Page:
The Doctor is intending to take Sarah to Shalonar when he mistakenly arrives in Europa. He has never visited Europa before, but knows of it by reputation. He can see through cloaking-fields. He carries a needle and thimble and a flute. In addition to his jelly babies, he also carries liquorice allsorts. When asked if the Master is an enemy, he describes him as an adversary, adding that the Master is his own worst enemy. The Doctor survives being stabbed in the middle of his chest by the Reprise of Mary Shelley. He still has nightmares about the events that took place in Castle Bathory (see Unrecorded Adventures). He knows how to use Mimesis and has inured himself to its effects.

Sarah visited the Sistine Chapel on a tour in 1971. She wears a black bikini here, having been promised a trip to a Shalonarian beach, and is later forced to don a black cassock and white cotta. She speaks some Latin. She had childhood friends named Billy and Julie. Her parents died in a car-crash when she was a child, after which she went to live with her Aunt Lavinia in Morton Harewood (K9 and Company). She viewed the Third Doctor as a sort of vague father figure, but considers the Fourth to be more of a mad uncle. She fancies Michael York. She knows of the Master, despite not having met him (see The Five Doctors). Captured by the Dramaturge, she is dressed in an orange gown bordered with white lace and briefly convinced that her name is Shara.

Breaking into the TARDIS, the Pope's men find both the primary and secondary console rooms (see The Masque of Mandragora).

Links: The Overcities are mentioned (Original Sin). There is a reference to E-Space (Full Circle, State of Decay, Warriors Gate). The Doctor mentions the Meddling Monk (The Time Meddler, The Daleks' Master Plan) and Cybermen.

Location: London, 29th June 1613; and Europa, 3278.

Future History: Jung the Obscure was a twenty-third century theorist who published his theories in the Eiger Apocrypha.

Colonists from the Overcities, signalling the inception of the Europan era, remodeled Vatican City in the 31st century. They were dubbed the Concocters, and the founding of Europa The Great Concoction. One of the Concocters was Persona. The Concocters created three Switzias, four Rhines, six Danubes, and dozens of Black Forests. They also raised new Alps, and created several Lake Comos, Lake Genevas, Lough Neaghs and Seines. There is a second Mediterranean, which exists partially in the Dimensions Extraordinary. The new Vatican is ten to twenty times bigger than the original and hovers in the air like an Overcity. Europa is reconstructed on the site of the original Europe and is inhabited by ghosts, vampires, werewolves, ghouls, and other grotesques spawned from old European folklore. Psychotronic engineering created the various supernatural denizens of Europa. The psionic, psychotronic, chronoptic and trans-dimensional technology used came from Gallifrey, via Managra and originally from the Mimic. Europa is divided into Dominions, which roughly map to the original European countries. Each Dominion is designed according to a specific time zone and to maintain integrity technological inventions are considered taboo and anachronism is illegal. Pope Lucien is supposedly murdered in 3278, a period that the Doctor refers to as the High Dogmatic period, but substituted himself for a clone in readiness for this. It is forbidden for a Reprise to become Pope by the Nicodemus principle of the Seventeenth Gospel, drawn up c3218; the wily Richelieu manages to overturn this rule, becoming the next Pope. There is an official Anti-Church, ruled by an official Anti-Christ. Mechanical horses are the major export of Britannia Edwardiana. Polyglots are micro-translators worn in the ear. The Vatican bans all Elizabethan and Jacobean English drama, including the works of Shakespeare, Marlowe, Kyd, Jonson and Webster.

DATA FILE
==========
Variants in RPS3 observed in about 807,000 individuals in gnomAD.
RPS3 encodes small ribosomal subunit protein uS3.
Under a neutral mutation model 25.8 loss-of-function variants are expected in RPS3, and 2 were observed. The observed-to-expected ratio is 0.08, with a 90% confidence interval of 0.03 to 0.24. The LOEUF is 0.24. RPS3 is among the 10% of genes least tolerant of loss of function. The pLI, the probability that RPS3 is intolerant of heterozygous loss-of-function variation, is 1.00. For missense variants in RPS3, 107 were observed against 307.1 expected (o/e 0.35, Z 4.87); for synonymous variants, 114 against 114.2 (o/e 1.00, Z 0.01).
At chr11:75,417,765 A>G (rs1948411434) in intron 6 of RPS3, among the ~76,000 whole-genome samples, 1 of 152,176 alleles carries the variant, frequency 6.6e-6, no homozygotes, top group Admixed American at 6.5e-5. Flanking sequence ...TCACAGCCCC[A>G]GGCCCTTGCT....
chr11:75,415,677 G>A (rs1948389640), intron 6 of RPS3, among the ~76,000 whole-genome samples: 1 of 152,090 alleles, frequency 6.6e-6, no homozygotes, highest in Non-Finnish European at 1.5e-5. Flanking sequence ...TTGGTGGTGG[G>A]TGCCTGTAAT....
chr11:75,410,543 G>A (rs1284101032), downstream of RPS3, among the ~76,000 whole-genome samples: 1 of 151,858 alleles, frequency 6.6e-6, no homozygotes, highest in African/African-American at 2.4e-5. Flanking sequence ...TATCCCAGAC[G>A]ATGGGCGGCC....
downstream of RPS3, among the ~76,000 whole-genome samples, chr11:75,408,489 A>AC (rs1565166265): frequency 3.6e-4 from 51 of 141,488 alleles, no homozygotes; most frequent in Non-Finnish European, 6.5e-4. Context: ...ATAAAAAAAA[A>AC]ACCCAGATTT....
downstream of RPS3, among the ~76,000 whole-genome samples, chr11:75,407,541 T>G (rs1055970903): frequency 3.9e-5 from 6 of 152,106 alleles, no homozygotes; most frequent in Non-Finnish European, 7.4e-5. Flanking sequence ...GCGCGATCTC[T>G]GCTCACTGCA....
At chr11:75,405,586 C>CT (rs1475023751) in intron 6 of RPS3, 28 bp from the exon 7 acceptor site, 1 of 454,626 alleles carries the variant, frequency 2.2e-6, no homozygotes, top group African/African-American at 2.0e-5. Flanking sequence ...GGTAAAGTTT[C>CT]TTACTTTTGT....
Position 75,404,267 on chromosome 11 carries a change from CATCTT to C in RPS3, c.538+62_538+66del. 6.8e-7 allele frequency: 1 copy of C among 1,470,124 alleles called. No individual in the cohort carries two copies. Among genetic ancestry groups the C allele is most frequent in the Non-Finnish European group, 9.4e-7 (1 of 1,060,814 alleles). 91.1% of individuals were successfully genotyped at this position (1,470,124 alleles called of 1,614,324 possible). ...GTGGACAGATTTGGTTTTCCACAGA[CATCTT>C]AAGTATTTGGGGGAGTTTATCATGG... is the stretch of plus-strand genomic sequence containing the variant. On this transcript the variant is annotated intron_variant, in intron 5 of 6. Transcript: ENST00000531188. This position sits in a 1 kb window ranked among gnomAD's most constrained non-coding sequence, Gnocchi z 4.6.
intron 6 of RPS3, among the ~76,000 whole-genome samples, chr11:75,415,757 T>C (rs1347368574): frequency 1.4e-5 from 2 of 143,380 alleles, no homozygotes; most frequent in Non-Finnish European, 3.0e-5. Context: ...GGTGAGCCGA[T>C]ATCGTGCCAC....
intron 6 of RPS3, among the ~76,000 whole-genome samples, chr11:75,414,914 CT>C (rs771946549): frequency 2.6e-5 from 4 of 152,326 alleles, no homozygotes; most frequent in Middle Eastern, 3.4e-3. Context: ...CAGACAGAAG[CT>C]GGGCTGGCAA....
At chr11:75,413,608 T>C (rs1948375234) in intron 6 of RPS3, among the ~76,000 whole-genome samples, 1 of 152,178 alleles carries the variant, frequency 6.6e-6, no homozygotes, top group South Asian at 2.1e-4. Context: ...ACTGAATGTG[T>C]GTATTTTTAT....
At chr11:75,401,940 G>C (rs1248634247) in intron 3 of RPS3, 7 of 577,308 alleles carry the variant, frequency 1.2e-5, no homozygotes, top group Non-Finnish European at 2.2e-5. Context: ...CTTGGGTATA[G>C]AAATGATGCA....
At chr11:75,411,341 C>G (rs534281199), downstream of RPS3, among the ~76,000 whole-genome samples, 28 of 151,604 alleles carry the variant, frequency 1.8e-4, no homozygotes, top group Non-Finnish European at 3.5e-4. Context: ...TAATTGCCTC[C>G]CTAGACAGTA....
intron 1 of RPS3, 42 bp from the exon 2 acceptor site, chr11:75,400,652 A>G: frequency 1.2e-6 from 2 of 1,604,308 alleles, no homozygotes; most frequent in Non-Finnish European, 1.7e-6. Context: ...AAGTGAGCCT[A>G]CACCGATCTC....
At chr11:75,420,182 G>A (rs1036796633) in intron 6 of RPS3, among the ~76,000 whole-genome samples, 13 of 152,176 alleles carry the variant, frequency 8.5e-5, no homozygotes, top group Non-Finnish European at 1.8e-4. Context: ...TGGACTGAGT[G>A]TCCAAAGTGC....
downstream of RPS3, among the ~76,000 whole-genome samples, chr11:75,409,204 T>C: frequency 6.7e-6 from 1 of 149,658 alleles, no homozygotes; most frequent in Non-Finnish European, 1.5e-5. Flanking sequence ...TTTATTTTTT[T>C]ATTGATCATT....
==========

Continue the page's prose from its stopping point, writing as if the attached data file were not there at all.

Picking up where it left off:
Unrecorded Adventures: The Doctor was present at the trial of Elizabeth Bathory in the Castle Bathory, possibly during a time when he dropped Sarah off on Skye for a couple of days. He spent some time at the castle and seemingly played a role in the terrible events that took place there, where he encountered and defeated the being summoned by Elizabeth Bathory. He became aware of the simultaneous presence of the Mimic and witnessed the departure of its reflection, Managra, in pursuit of Pearson. He witnessed the destruction of the Globe theatre and saw Pearson fleeing the scene, having shadowed him from Castle Bathory for months.

The Doctor is an old friend of the original Lord Byron; they once sat in the Parthenon and the Doctor gave him a critique of a poem that he hadn't yet written. The Doctor, trying to jog Byron's memory, mentions a little episode with the five oranges and the purple handkerchief and the misplaced nostrum. They also once chatted in the Villa Diodati. The Doctor has also met the original Tomas de Torquemada twice, once in Toledo, and seven years later in Avila, where Torquemada died. During the latter meeting, a personification of death was involved. The Doctor performed in Macbeth with Shakespeare when it opened at the Globe Theatre, playing the part of the Doctor (see The Empire of Glass). He claims that he once met a man who wore a hat inside his head. He has met the original Percy Shelley.

The Bottom Line: Combing European folklore, theatre, and a host of characters both historical and fictional, Managra is completely bonkers. Marley manages to juggle both horror and farce with equal skill, making Managra not only one of the most literate Missing Adventures (and a splendid novel in its own right) but also one of the wittiest. Magnificent.

Discontinuity Guide by Paul Clarke